Thanks, Mom, for stopping by…

Meg Robson Mahoney
5 min readMay 30, 2015

Mom was a gardener, tending plants wherever she went. One day, while we were having lunch at an unglamorous cafe, the potted plants seemed dry, so she watered them with ice cubes from her water glass. This cafe was memorable because the staff, mistaking her intentions and her green thumb, moved the plant out of reach.

In Chicago, where she lived for 40 years, she shaped and reshaped her garden, moving plants to maximize their comfort and growth. The growing season there was limited, so she extended her garden time by volunteering at the Chicago Botanic Garden throughout the year.

In her element at the Chicago Botanic Garden

Upon moving to Seattle late in life, she was stunned at the spring blossoms arriving as early as February and converted her extensive lawn to exuberant flower beds.

Before & after

She hosted her garden club’s annual plant sale, raising money to support horticultural students. In her garage, which was filled with dirt, she potted, labeled, priced, and socialized with fellow gardeners.

“It’s not dirt!” she’d say. “It’s soil.”

Plant sale in Mom’s driveway, with dog

There was always room for another plant in her garden, which made both Mother’s Day and her birthday easy. One year I decided to buy something special, which for me translated as never-seen-before (by me, which isn’t saying much) and costing-way-more-than-usual.

At the little nursery on Leary Avenue that’s closed now, there was limited space so every plant seemed special, and I found the one: Cimicifuga probably japonica, projected to flower late summer to fall with white flowers on dark purplish stems, reaching three to four feet tall. Commonly called bugbane. It was $20 — which was a lot in a lean year and more-than-usual among my plant purchases.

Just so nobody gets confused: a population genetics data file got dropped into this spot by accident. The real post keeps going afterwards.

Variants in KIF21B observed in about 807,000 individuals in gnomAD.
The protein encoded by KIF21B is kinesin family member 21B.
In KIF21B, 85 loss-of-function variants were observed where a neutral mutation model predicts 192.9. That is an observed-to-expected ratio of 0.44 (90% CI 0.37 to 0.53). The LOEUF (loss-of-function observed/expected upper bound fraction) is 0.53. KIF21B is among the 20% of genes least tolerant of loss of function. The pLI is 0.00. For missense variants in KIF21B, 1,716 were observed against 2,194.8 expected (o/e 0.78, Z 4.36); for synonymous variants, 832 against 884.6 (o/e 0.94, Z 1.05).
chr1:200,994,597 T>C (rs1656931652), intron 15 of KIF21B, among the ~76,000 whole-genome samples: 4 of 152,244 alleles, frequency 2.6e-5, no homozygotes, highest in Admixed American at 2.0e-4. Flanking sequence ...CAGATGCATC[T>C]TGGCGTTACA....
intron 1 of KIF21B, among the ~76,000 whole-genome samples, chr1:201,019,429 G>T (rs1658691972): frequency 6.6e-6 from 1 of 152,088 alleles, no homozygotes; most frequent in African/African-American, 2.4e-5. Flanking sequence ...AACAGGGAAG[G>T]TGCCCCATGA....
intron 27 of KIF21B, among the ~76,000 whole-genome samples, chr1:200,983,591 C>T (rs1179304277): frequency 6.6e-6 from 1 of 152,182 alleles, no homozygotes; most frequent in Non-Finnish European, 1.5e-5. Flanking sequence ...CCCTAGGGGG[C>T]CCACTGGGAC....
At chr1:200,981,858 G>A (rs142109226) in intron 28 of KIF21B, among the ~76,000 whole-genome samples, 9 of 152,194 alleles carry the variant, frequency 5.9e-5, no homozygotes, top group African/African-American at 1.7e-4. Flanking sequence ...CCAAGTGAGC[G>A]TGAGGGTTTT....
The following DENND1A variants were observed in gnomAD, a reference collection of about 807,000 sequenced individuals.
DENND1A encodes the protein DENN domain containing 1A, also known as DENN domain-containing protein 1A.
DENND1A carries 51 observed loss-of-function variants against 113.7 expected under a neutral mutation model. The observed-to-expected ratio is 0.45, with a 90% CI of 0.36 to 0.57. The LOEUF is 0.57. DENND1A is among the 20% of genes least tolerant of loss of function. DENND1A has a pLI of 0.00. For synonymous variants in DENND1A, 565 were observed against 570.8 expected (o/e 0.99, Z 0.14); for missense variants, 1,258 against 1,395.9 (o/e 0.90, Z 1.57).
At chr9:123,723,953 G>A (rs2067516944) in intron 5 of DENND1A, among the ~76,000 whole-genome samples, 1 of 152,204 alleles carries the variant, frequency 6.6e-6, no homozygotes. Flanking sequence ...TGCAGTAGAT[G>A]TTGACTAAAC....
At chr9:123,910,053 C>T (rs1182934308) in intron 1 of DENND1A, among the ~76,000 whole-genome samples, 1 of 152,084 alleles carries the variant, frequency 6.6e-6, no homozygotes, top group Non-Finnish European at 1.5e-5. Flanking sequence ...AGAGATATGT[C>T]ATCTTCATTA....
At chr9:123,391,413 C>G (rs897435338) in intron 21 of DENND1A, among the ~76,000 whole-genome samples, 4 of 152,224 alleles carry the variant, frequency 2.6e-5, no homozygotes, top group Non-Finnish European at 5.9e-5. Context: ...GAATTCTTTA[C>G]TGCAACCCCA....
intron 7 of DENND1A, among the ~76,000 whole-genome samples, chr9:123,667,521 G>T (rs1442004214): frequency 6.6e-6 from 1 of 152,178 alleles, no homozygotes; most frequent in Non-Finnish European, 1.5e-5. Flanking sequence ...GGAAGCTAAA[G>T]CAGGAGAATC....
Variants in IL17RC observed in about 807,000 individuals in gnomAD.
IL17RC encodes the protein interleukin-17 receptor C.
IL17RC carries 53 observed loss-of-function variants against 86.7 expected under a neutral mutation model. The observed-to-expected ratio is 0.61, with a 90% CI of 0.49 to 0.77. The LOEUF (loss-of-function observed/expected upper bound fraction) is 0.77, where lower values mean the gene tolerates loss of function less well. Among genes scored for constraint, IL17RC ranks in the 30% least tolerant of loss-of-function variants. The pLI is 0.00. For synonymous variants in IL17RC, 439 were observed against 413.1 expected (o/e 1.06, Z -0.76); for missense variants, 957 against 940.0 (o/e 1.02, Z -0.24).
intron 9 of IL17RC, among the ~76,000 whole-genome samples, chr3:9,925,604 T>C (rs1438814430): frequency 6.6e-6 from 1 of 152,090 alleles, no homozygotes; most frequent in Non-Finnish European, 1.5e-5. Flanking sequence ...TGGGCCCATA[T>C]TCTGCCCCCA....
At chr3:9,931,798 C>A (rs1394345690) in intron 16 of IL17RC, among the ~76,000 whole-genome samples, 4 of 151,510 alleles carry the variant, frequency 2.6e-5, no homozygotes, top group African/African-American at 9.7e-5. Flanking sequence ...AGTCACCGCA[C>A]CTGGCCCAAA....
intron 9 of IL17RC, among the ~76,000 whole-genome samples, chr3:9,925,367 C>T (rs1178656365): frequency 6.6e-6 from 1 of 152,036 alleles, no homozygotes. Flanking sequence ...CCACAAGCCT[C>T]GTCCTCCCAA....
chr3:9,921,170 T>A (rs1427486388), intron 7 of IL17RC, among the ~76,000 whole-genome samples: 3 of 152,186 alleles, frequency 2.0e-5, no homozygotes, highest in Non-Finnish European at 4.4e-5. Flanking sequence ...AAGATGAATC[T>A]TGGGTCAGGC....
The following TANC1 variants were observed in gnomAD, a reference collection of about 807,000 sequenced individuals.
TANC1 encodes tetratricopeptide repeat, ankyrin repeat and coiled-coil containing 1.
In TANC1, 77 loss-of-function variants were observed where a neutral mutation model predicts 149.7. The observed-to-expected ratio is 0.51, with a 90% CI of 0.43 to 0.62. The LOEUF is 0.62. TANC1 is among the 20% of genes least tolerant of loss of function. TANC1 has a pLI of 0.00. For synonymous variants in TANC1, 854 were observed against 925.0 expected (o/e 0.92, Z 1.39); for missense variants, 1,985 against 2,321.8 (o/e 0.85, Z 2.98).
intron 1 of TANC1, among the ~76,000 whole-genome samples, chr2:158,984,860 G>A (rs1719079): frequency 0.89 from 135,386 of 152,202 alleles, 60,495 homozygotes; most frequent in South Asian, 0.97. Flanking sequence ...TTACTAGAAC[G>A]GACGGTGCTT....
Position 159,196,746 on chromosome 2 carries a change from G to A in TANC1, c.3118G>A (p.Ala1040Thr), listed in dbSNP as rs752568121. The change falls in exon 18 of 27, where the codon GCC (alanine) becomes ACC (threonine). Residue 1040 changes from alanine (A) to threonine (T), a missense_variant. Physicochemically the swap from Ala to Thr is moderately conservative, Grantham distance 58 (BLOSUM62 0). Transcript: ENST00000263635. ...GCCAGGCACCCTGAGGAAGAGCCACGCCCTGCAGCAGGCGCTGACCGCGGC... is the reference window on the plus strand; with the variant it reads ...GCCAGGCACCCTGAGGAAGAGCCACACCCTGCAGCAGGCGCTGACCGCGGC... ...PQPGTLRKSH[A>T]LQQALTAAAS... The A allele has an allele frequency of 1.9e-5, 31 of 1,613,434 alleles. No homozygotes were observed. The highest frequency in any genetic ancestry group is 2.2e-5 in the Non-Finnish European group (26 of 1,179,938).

Mom didn’t have bugbane, so she was thrilled, but surprisingly, it didn’t thrive. She moved it to a new spot, and it barely survived. After a few years, it bloomed and seemed to be established. It was out of danger, if not impressive at half its projected height.

She never gave up gardening. Even after Dad died and her territory shrank, she never seemed to wonder what to do with her day. She gardened, moving among her plants all day. I think she quit caring which plants she’d chosen and which chose her. The weeds prospered. But if I dropped by to visit and ask about her day, she’d say with satisfaction, “I’ve been gardening.”

When it was time to move her to a safer place and remove the car from her daily equation, she was reluctant. But we found an apartment that opened onto a garden, in full view of her window, and she agreed to move.

As we cleared her house, we cleared her garden of a few special plants, potting them up to gather at her new doorstep. The bugbane went into a pot. It stayed in a pot through two years of the garden apartment and moved with her to memory care, where it lived with her other pots on the deck outside the dining room: her family of large potted plants, the only personal garden in the facility.

She had a special touch with African violets, and they moved with her too

During her last move, while many of her plants went with her, the bugbane, looking peaked, came to my house. Too busy, I set it in the garden and left it to take care of itself. It nestled in, still in its pot, a small friend to the Japanese maple that was just gaining a foothold itself.

When she died one May, I left all the large potted plants at her last home for others to enjoy. The bugbane continued in its pot at our house, sheltered by the maple which was growing steadily. In the fall, I planted the bugbane, sinking it right where it was.

In June the following year, when we returned from traveling through the spring months, I was astonished to find the bugbane thriving, half the size of the maple now and sending up blossoming stems.

June, when the bugbane had begun to gain on the Japanese maple

By September, it had exploded: taller than the Japanese maple, its flower stalks long, white, and arching in the breeze, rising above its big leaves.

Cimicifuga in September

It’s another May now, the second anniversary of her death. Cimicifuga japonica is starting another summer strong and healthy, welcoming us with its soulful presence whenever we come home. If it’s possible that spirits revisit, I’d say Mom’s a gardener still.

Cimicifuga backed by the Japanese maple